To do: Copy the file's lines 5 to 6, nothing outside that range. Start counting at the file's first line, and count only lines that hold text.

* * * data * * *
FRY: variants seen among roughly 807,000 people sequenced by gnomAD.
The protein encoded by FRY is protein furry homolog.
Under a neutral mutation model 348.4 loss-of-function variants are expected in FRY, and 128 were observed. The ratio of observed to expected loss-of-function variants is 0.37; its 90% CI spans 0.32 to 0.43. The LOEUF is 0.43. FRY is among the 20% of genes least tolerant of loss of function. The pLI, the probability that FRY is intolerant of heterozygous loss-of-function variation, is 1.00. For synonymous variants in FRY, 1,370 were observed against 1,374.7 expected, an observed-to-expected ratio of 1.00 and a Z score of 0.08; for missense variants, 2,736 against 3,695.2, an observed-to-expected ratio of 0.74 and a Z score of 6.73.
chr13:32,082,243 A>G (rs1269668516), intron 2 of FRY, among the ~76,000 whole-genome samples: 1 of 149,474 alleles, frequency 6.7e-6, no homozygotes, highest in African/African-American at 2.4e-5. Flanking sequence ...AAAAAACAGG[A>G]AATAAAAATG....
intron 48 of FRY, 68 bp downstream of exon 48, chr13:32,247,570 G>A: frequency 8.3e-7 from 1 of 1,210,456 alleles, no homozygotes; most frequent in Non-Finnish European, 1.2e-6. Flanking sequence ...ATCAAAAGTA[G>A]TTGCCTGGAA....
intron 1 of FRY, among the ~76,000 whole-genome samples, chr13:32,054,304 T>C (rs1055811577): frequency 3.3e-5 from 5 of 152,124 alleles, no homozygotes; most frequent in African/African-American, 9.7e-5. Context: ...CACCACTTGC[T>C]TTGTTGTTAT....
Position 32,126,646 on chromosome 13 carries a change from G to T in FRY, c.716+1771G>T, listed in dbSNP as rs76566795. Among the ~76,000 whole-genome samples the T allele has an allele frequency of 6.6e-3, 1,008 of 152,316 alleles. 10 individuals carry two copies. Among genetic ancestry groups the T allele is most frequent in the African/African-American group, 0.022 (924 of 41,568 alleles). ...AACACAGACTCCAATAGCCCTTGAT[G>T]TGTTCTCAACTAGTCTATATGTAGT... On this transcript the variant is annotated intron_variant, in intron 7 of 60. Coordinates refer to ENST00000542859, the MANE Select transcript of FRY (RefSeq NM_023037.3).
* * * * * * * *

intron 48 of FRY, 68 bp downstream of exon 48, chr13:32,247,570 G>A: frequency 8.3e-7 from 1 of 1,210,456 alleles, no homozygotes; most frequent in Non-Finnish European, 1.2e-6. Flanking sequence ...ATCAAAAGTA[G>A]TTGCCTGGAA....
intron 1 of FRY, among the ~76,000 whole-genome samples, chr13:32,054,304 T>C (rs1055811577): frequency 3.3e-5 from 5 of 152,124 alleles, no homozygotes; most frequent in African/African-American, 9.7e-5. Context: ...CACCACTTGC[T>C]TTGTTGTTAT....